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Tibetan spiritual leader the Dalai Lama gestures as he gives a religious talk on the 15th day of the Tibetan New Year in Dharmsala, India, Thursday, March 8, 2012. ) (Ashwini Bhatia/AP)
Tibetan spiritual leader the Dalai Lama gestures as he gives a religious talk on the 15th day of the Tibetan New Year in Dharmsala, India, Thursday, March 8, 2012. ) (Ashwini Bhatia/AP)

Globe Editorial

China should use wisdom in its approach to Tibet Add to ...

China is a powerful country with every kind of modern weaponry – except one to counter the Tibetans who have been setting themselves on fire in alarming numbers, in protest against Chinese repression.

There is no weapon that can stop these fires from spreading, only the low-tech approach of dialogue, of easing up, of permitting freedom of religion. But the hubris of a powerful state and long habit prevent China from seeing the answer.

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At least 14 Tibetans have set fire to themselves already this year, and more than 20 in the past year, as China has turned to compulsory indoctrination that the regime calls “patriotic education” inside monasteries. A large Chinese security presence has been installed in and around the monasteries. Three hundred monks were taken from a single monastery last April and detained, according to Human Rights Watch, a New York-based advocacy group. The repression has been building since protests swept Tibet in 2008, and were crushed with deadly force. The first act of self-immolation was in 2009.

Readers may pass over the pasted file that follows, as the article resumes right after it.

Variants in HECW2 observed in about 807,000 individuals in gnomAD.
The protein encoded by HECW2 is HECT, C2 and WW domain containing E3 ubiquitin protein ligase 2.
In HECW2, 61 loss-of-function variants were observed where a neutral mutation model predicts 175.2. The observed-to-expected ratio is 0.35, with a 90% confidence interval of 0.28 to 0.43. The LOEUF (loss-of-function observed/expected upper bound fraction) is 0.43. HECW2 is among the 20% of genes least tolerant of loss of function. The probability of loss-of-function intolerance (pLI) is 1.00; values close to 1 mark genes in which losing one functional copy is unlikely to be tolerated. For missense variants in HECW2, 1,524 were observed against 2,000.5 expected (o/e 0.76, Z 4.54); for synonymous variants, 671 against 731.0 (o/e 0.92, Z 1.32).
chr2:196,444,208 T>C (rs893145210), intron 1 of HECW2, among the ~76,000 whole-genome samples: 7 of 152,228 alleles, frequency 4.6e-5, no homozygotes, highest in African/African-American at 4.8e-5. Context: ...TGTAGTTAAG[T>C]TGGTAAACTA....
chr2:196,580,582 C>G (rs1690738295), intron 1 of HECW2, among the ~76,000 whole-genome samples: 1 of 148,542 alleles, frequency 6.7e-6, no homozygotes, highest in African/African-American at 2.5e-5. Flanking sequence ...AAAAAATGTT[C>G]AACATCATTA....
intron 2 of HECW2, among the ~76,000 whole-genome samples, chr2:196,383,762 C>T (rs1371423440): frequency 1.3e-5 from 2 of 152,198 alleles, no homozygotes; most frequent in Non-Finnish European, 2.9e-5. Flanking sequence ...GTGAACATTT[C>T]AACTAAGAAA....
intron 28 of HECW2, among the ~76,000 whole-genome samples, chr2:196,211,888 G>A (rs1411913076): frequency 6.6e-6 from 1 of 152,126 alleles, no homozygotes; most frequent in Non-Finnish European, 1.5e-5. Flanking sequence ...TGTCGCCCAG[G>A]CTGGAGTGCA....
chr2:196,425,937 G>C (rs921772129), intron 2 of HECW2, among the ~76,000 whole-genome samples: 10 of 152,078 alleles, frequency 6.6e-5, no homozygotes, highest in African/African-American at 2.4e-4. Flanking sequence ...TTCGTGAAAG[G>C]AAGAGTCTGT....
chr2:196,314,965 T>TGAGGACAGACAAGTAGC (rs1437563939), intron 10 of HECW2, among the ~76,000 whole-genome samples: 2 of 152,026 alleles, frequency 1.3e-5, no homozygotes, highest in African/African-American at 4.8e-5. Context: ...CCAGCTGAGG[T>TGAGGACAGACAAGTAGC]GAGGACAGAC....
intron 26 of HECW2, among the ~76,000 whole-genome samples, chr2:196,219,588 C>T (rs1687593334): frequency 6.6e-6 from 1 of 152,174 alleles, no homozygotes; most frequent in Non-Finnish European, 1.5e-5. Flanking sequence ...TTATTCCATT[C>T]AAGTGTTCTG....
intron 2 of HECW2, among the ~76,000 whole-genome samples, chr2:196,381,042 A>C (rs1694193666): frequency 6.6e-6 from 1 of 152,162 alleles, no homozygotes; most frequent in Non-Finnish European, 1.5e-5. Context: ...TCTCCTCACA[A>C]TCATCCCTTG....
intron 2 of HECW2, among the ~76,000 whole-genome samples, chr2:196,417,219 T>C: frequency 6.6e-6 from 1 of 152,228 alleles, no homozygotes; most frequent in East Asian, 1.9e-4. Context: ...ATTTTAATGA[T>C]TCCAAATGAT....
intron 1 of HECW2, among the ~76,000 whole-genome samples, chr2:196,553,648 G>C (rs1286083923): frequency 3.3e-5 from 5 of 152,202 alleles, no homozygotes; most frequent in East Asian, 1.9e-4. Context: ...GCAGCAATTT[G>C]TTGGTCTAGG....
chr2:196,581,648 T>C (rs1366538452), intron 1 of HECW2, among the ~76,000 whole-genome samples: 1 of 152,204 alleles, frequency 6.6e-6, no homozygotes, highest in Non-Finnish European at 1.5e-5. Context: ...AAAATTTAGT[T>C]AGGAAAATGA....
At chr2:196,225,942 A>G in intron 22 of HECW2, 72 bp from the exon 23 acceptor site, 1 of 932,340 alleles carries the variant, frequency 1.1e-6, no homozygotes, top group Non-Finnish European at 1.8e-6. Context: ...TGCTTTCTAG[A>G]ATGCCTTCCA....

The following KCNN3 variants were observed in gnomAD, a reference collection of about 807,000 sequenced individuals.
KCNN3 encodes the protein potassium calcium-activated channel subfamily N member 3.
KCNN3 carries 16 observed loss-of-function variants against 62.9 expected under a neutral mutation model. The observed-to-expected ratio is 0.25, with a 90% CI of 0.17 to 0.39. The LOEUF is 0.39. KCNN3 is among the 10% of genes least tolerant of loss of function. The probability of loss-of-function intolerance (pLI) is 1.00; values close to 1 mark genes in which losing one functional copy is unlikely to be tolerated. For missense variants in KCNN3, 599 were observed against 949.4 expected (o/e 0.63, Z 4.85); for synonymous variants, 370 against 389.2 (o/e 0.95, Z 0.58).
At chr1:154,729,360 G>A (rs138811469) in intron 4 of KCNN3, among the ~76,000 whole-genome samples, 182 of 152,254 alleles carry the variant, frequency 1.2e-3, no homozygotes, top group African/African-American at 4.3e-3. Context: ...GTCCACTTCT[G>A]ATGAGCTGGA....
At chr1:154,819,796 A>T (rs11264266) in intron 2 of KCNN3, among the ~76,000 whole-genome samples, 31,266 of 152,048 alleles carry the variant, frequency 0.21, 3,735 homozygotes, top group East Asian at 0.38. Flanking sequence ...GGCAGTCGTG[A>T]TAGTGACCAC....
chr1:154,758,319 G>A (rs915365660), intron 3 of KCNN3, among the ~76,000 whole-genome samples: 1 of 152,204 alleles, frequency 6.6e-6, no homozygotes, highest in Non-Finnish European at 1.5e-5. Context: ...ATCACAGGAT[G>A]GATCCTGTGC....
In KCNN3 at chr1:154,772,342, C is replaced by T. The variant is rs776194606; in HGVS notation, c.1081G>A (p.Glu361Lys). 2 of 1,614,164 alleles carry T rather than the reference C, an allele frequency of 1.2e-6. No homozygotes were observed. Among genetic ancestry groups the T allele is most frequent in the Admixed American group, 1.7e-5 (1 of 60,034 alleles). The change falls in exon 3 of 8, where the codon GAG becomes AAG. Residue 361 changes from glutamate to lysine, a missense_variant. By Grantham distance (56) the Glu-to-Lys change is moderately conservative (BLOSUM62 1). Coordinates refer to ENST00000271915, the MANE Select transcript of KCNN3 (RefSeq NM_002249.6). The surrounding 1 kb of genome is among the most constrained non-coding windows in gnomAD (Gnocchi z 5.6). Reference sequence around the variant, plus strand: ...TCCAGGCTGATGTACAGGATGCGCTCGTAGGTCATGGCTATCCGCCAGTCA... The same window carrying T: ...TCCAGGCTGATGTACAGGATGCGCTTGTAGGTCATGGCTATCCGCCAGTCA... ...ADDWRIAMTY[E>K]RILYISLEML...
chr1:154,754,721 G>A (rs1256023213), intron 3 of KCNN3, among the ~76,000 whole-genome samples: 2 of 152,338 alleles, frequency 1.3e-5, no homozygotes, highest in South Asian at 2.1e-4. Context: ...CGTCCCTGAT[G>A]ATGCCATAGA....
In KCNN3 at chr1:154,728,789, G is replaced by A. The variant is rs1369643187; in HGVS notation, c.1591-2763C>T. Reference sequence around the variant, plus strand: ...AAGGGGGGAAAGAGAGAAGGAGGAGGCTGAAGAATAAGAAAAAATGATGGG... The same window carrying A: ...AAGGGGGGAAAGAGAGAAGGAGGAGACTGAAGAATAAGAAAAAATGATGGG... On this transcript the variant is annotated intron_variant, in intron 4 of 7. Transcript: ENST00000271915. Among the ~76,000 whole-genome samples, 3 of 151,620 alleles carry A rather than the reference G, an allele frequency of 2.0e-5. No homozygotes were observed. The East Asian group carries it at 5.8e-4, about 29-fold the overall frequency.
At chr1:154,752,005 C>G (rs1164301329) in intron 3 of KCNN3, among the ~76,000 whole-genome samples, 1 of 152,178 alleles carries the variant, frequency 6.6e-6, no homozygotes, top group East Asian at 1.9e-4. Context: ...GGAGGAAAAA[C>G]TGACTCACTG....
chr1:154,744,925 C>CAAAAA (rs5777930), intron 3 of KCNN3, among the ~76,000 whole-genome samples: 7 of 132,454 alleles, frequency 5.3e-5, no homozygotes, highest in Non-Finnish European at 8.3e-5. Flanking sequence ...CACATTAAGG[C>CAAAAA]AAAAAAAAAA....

With the foreign news media barred, the power of mass protests is limited. The Dalai Lama, spiritual leader of the Tibetans, told the BBC that he doubts the effectiveness of self-immolation. “There is courage – very strong courage. But how much effect? Courage alone is no substitute. You must utilize your wisdom.”

Wisdom is a quality the government of China has rarely applied in its dealings with Tibet. It needs to relax its repressive grip on the country, respect the religious practices of the Tibetan people by withdrawing its cadres from the monasteries, and open negotiations with the Dalai Lama and the Tibetan government in exile. China’s leadership was once able to get its mind around the need to maintain and respect the differences in Hong Kong. It needs to approach Tibet in a similar way. Fires once set are not easily extinguished.

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